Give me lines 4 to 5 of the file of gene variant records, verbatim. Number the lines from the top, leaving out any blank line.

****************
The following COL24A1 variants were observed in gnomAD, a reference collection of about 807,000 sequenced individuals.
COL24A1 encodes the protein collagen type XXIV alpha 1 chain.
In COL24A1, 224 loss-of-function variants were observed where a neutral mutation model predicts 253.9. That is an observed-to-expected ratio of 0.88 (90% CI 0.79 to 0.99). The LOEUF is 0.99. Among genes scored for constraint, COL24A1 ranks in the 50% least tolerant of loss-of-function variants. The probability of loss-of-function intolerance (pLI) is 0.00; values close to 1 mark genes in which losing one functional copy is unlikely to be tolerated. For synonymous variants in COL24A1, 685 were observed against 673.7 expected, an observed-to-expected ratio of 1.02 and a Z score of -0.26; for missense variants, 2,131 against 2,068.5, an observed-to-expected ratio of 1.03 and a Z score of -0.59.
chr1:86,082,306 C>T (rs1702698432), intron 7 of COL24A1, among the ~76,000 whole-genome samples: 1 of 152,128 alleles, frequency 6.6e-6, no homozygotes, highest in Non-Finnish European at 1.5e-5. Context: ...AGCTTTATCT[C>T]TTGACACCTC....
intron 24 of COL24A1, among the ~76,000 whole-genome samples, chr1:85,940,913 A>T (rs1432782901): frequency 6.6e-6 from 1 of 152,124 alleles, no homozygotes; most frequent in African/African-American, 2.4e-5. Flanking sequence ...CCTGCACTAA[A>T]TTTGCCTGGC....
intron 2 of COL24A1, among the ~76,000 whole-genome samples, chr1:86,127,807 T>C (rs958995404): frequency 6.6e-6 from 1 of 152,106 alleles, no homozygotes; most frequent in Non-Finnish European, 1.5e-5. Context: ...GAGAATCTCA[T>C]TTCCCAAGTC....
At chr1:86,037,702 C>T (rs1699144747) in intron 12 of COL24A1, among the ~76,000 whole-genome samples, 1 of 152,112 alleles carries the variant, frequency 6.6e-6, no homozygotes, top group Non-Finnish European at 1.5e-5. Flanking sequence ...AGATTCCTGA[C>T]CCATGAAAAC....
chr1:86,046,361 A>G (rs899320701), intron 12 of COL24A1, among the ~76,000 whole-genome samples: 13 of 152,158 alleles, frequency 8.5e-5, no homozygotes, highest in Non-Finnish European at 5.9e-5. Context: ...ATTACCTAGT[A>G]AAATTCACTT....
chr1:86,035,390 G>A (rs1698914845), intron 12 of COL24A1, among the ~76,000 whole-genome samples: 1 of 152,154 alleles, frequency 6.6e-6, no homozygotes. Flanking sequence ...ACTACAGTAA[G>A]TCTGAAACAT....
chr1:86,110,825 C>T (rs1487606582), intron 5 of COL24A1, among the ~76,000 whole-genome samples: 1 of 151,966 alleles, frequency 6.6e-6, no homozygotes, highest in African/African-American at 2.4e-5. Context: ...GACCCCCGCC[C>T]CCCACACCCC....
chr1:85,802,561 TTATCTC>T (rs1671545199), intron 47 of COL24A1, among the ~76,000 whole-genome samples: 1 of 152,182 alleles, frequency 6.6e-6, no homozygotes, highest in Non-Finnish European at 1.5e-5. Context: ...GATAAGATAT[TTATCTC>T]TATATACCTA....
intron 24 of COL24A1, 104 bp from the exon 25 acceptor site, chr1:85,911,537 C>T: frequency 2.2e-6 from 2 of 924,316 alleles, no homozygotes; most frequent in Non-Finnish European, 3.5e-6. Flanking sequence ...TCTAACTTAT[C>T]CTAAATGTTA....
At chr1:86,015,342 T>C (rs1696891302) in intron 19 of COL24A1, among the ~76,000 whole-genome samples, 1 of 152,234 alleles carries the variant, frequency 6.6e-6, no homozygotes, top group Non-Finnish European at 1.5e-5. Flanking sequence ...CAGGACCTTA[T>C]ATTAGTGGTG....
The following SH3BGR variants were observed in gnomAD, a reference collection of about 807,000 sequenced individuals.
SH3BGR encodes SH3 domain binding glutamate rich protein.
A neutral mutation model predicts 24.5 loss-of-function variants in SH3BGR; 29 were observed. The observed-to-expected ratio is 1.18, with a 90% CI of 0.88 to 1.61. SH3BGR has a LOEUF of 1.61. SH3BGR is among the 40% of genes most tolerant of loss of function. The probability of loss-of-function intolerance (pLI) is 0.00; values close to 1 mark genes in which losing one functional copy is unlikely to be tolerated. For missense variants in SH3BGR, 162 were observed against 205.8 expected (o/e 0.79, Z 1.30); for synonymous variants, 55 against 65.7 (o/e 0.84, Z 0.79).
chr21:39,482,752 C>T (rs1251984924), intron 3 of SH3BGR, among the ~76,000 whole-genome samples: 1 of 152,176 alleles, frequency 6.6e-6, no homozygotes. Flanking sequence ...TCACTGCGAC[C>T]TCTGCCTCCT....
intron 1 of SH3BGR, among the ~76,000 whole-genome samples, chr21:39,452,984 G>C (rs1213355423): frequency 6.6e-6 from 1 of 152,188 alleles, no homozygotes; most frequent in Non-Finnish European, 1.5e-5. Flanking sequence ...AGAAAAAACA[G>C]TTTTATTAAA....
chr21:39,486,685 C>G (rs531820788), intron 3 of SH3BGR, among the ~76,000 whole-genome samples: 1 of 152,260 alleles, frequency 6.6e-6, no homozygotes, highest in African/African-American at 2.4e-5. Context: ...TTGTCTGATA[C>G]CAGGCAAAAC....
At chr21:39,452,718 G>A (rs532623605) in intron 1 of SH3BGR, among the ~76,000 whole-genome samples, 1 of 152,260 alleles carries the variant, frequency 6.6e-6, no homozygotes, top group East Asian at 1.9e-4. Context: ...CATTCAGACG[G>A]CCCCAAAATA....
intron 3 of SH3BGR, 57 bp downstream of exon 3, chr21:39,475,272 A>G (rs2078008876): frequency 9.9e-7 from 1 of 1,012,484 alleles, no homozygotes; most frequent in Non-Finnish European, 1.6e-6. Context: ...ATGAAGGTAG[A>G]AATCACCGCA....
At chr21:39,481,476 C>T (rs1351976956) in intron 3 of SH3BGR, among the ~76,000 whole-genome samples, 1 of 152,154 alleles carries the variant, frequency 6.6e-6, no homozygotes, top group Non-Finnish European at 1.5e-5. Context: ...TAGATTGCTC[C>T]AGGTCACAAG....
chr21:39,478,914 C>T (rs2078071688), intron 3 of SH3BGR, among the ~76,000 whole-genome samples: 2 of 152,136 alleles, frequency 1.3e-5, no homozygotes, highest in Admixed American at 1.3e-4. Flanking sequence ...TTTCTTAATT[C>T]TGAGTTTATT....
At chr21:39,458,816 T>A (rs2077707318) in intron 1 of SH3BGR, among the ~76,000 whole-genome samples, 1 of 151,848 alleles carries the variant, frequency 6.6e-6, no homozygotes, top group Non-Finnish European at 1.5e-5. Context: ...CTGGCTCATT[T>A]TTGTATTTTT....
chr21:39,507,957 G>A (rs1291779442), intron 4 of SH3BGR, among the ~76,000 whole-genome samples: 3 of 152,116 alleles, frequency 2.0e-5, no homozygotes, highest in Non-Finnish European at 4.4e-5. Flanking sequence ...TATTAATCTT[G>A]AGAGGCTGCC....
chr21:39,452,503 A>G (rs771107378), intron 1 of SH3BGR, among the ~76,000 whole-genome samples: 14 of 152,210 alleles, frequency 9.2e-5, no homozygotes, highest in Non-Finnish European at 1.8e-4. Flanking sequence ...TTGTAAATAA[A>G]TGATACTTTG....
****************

chr1:86,082,306 C>T (rs1702698432), intron 7 of COL24A1, among the ~76,000 whole-genome samples: 1 of 152,128 alleles, frequency 6.6e-6, no homozygotes, highest in Non-Finnish European at 1.5e-5. Context: ...AGCTTTATCT[C>T]TTGACACCTC....
intron 24 of COL24A1, among the ~76,000 whole-genome samples, chr1:85,940,913 A>T (rs1432782901): frequency 6.6e-6 from 1 of 152,124 alleles, no homozygotes; most frequent in African/African-American, 2.4e-5. Flanking sequence ...CCTGCACTAA[A>T]TTTGCCTGGC....